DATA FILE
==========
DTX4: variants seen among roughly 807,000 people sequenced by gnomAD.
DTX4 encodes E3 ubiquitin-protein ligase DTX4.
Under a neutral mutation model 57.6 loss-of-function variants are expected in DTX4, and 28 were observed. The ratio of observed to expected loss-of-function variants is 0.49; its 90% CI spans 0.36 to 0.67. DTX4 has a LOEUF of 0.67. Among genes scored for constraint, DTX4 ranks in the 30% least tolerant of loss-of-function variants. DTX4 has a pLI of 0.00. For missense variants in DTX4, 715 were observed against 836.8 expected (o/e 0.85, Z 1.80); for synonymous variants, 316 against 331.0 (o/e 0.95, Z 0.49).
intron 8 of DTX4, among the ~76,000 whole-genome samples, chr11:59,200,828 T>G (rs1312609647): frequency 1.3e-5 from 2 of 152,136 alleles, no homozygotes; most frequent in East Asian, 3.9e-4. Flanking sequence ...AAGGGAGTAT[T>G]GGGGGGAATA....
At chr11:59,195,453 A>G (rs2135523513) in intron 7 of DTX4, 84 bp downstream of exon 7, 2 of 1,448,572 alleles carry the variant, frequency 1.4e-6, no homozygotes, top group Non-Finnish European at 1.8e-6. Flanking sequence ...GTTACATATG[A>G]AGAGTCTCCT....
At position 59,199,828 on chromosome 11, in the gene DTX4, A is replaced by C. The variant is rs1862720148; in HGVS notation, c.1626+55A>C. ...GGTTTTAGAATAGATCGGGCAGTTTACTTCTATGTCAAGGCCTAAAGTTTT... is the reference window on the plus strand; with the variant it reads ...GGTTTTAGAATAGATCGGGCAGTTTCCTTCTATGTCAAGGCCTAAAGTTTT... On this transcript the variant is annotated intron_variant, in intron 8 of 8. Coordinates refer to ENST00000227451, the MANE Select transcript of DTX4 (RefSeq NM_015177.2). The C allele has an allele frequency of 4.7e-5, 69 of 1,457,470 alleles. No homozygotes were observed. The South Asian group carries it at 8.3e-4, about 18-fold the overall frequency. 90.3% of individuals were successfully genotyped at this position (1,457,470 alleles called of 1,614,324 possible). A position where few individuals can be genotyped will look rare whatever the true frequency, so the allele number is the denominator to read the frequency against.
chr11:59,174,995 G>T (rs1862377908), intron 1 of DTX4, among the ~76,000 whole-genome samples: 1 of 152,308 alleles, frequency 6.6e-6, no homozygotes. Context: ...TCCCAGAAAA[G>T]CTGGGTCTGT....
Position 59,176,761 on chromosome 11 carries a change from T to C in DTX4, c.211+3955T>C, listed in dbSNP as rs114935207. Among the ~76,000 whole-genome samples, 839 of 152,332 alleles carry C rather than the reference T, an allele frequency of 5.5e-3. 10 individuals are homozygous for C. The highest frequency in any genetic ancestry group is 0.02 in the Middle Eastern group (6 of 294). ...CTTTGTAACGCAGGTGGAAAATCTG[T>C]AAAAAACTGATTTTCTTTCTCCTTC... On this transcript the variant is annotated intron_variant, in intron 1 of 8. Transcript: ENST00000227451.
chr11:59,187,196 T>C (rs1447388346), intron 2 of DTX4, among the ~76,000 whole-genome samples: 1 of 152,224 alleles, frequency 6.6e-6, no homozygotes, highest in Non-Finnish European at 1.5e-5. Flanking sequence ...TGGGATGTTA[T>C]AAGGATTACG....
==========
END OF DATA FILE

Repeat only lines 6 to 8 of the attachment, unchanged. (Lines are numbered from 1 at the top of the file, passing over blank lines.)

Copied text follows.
At position 59,199,828 on chromosome 11, in the gene DTX4, A is replaced by C. The variant is rs1862720148; in HGVS notation, c.1626+55A>C. ...GGTTTTAGAATAGATCGGGCAGTTTACTTCTATGTCAAGGCCTAAAGTTTT... is the reference window on the plus strand; with the variant it reads ...GGTTTTAGAATAGATCGGGCAGTTTCCTTCTATGTCAAGGCCTAAAGTTTT... On this transcript the variant is annotated intron_variant, in intron 8 of 8. Coordinates refer to ENST00000227451, the MANE Select transcript of DTX4 (RefSeq NM_015177.2). The C allele has an allele frequency of 4.7e-5, 69 of 1,457,470 alleles. No homozygotes were observed. The South Asian group carries it at 8.3e-4, about 18-fold the overall frequency. 90.3% of individuals were successfully genotyped at this position (1,457,470 alleles called of 1,614,324 possible). A position where few individuals can be genotyped will look rare whatever the true frequency, so the allele number is the denominator to read the frequency against.
chr11:59,174,995 G>T (rs1862377908), intron 1 of DTX4, among the ~76,000 whole-genome samples: 1 of 152,308 alleles, frequency 6.6e-6, no homozygotes. Context: ...TCCCAGAAAA[G>T]CTGGGTCTGT....
Position 59,176,761 on chromosome 11 carries a change from T to C in DTX4, c.211+3955T>C, listed in dbSNP as rs114935207. Among the ~76,000 whole-genome samples, 839 of 152,332 alleles carry C rather than the reference T, an allele frequency of 5.5e-3. 10 individuals are homozygous for C. The highest frequency in any genetic ancestry group is 0.02 in the Middle Eastern group (6 of 294). ...CTTTGTAACGCAGGTGGAAAATCTG[T>C]AAAAAACTGATTTTCTTTCTCCTTC... On this transcript the variant is annotated intron_variant, in intron 1 of 8. Transcript: ENST00000227451.